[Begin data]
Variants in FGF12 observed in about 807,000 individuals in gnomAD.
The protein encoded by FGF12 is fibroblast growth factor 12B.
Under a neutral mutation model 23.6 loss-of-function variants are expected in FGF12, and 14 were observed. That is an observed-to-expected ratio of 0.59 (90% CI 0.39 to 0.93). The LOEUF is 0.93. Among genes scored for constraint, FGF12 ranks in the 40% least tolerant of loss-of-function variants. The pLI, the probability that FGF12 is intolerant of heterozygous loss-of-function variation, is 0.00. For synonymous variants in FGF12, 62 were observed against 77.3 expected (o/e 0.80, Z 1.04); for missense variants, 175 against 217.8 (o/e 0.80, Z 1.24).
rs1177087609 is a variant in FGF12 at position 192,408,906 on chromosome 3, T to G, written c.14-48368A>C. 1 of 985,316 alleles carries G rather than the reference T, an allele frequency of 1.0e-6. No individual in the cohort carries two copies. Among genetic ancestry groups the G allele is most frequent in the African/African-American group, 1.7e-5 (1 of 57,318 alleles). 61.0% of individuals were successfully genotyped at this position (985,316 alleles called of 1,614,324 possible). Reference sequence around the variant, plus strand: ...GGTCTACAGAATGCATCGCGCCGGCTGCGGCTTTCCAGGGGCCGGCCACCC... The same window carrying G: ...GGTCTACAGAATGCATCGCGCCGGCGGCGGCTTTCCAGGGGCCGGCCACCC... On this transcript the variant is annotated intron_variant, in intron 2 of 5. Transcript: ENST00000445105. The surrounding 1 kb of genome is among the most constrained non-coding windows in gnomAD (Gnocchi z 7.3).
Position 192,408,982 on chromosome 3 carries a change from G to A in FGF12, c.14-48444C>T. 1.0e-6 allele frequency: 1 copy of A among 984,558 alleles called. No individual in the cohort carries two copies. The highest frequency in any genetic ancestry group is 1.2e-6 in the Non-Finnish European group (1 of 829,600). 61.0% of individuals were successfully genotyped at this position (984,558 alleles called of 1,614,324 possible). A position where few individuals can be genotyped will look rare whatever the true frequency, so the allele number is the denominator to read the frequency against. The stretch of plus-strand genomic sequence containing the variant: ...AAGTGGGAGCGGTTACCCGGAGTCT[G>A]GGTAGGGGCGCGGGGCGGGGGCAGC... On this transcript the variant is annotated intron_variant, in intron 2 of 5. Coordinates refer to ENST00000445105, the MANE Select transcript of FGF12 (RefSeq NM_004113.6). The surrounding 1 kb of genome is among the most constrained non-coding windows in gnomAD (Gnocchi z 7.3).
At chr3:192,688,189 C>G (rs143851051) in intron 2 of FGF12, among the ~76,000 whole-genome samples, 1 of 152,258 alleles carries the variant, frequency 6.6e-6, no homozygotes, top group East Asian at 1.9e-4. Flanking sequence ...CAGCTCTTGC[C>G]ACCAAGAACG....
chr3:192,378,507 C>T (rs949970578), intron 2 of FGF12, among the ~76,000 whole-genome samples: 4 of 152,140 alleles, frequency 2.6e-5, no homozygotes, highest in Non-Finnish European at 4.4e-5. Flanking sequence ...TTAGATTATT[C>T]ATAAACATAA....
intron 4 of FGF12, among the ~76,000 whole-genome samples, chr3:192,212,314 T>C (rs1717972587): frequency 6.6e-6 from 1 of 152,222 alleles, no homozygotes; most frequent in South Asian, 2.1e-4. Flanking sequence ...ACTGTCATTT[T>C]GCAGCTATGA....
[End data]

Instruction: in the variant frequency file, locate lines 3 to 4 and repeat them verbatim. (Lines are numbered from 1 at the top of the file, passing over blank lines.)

Under a neutral mutation model 23.6 loss-of-function variants are expected in FGF12, and 14 were observed. That is an observed-to-expected ratio of 0.59 (90% CI 0.39 to 0.93). The LOEUF is 0.93. Among genes scored for constraint, FGF12 ranks in the 40% least tolerant of loss-of-function variants. The pLI, the probability that FGF12 is intolerant of heterozygous loss-of-function variation, is 0.00. For synonymous variants in FGF12, 62 were observed against 77.3 expected (o/e 0.80, Z 1.04); for missense variants, 175 against 217.8 (o/e 0.80, Z 1.24).
rs1177087609 is a variant in FGF12 at position 192,408,906 on chromosome 3, T to G, written c.14-48368A>C. 1 of 985,316 alleles carries G rather than the reference T, an allele frequency of 1.0e-6. No individual in the cohort carries two copies. Among genetic ancestry groups the G allele is most frequent in the African/African-American group, 1.7e-5 (1 of 57,318 alleles). 61.0% of individuals were successfully genotyped at this position (985,316 alleles called of 1,614,324 possible). Reference sequence around the variant, plus strand: ...GGTCTACAGAATGCATCGCGCCGGCTGCGGCTTTCCAGGGGCCGGCCACCC... The same window carrying G: ...GGTCTACAGAATGCATCGCGCCGGCGGCGGCTTTCCAGGGGCCGGCCACCC... On this transcript the variant is annotated intron_variant, in intron 2 of 5. Transcript: ENST00000445105. The surrounding 1 kb of genome is among the most constrained non-coding windows in gnomAD (Gnocchi z 7.3).